Bye, Little Cow. Hello, Lone Ranger Heroes.
After an intense five-month rebranding campaign, the Dallas Mavericks now officially have a new Chinese name, effectively ending a decadelong misperception of the Mavericks’ brand in the NBA’s biggest global market.
The franchise made the announcement Wednesday night as Dallas hosted the Golden State Warriors.
The name change won’t affect how the Mavericks are branded or recognized in English. It primarily serves to correct a long-standing Chinese misinterpretation of “Mavericks” — a distinct American term symbolizing a free-spirited individual.
In China, the Mavericks are currently called “Xiao Niu,” meaning “little cow,” by broadcasters, journalists, experts and fans. The term first appeared in Chinese state-run media and was subsequently picked up by others. Recently, some began to question whether the name was misrepresenting the horse in the team’s logo.
Last year, the Mavericks became aware of the situation in China. “I wasn’t happy,” Mavericks owner Mark Cuban told ESPN, laughing, at the beginning of the rebranding campaign. “Obviously, no one wants to be a little cow, so I’m glad we’re going to get an opportunity to change it.”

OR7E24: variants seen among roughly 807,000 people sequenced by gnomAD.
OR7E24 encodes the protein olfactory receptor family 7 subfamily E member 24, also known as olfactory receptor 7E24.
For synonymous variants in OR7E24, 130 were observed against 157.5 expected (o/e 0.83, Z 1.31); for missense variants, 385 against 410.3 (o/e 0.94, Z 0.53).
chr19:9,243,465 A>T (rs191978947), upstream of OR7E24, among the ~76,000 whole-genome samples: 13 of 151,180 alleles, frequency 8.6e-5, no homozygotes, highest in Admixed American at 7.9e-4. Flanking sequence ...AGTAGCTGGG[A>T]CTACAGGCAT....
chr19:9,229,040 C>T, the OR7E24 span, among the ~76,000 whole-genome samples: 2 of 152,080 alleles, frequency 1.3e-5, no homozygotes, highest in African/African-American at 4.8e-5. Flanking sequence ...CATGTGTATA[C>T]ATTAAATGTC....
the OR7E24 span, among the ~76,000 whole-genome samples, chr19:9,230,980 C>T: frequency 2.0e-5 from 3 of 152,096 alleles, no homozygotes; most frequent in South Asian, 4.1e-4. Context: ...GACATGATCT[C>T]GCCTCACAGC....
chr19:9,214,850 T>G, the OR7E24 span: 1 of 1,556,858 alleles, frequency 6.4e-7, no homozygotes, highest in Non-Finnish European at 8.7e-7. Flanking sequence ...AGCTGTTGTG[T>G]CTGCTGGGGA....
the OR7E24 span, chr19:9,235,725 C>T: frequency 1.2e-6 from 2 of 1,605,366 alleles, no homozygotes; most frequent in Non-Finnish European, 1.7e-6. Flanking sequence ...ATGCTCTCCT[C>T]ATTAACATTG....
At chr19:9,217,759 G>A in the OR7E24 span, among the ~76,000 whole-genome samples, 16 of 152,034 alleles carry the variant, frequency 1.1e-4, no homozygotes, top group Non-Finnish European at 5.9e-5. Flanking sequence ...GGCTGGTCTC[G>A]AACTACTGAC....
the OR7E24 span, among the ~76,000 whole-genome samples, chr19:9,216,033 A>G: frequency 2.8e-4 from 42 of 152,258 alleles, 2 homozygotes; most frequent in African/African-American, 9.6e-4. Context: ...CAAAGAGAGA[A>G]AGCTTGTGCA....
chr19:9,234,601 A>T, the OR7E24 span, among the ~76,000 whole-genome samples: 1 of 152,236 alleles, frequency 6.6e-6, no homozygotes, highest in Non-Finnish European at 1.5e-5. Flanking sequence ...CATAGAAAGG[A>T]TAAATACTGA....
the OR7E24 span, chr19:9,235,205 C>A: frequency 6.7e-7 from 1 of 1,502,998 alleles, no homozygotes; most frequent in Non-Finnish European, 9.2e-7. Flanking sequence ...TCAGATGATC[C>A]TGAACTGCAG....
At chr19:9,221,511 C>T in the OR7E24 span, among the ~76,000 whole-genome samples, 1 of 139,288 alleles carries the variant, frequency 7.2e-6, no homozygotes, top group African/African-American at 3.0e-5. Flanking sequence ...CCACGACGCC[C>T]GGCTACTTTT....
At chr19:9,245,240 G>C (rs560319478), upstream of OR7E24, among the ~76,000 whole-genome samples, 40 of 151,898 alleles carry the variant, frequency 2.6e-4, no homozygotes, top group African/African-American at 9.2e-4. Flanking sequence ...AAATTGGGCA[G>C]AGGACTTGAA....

“I think it’s very important. You know, a lot of times in sports, you develop such an identity with that team, and you want to make sure that the title being used in front of your name accurately matches that,” Mavericks forward Harrison Barnes said. “In China, we want that to reflect the same way and to have the same prestige.”
While the name Lone Ranger Heroes may not be a direct interpretation of the Mavericks’ name, players said the new name is definitely an improvement.
“It’s better than the other one,” guard J.J. Barea said. “That’s awful. Little cows?”
“Obviously, I’d rather be a lone ranger than be a cow,” added guard Devin Harris. “I come from Wisconsin. We don’t really treat cows that well, so much better.”
The Mavericks teamed up with Tencent — ESPN’s exclusive digital partner in China — for a name-changing campaign. The campaign has since brought wide attention and discussion within the Chinese basketball community. However, choosing and officially changing a Chinese name is not easy.
The complexity of the Chinese language and cultural distinctions, along with legal hurdles, raised the campaign’s overall degree of difficulty. In the monthslong process, Tencent also consulted current and former Mavericks players, Chinese sports experts, legal analysts and linguists.
In total, the campaign received more than 60,000 proposed name submissions, and three candidates — Lone Ranger Heroes, Mad Horses and Wild Horses — became the finalists.
“Making the Mavericks’ Chinese name accurate means a lot. The inaccurate name has been called for about three decades; it’s a historical change in NBA’s development in China,” said Shi Yankui, Director of Tencent Sports. “It also shows that the Chinese fans have begun to embrace and take ownership of the NBA in new ways.”
Shi said more NBA teams will have opportunities to further involve Chinese fans to reach their marketing goals.
“This is just the beginning,” Shi said. “We’re going to try to help more teams fix and perfect their Chinese names in the future.”
Information from ESPN’s Tim MacMahon contributed to this report.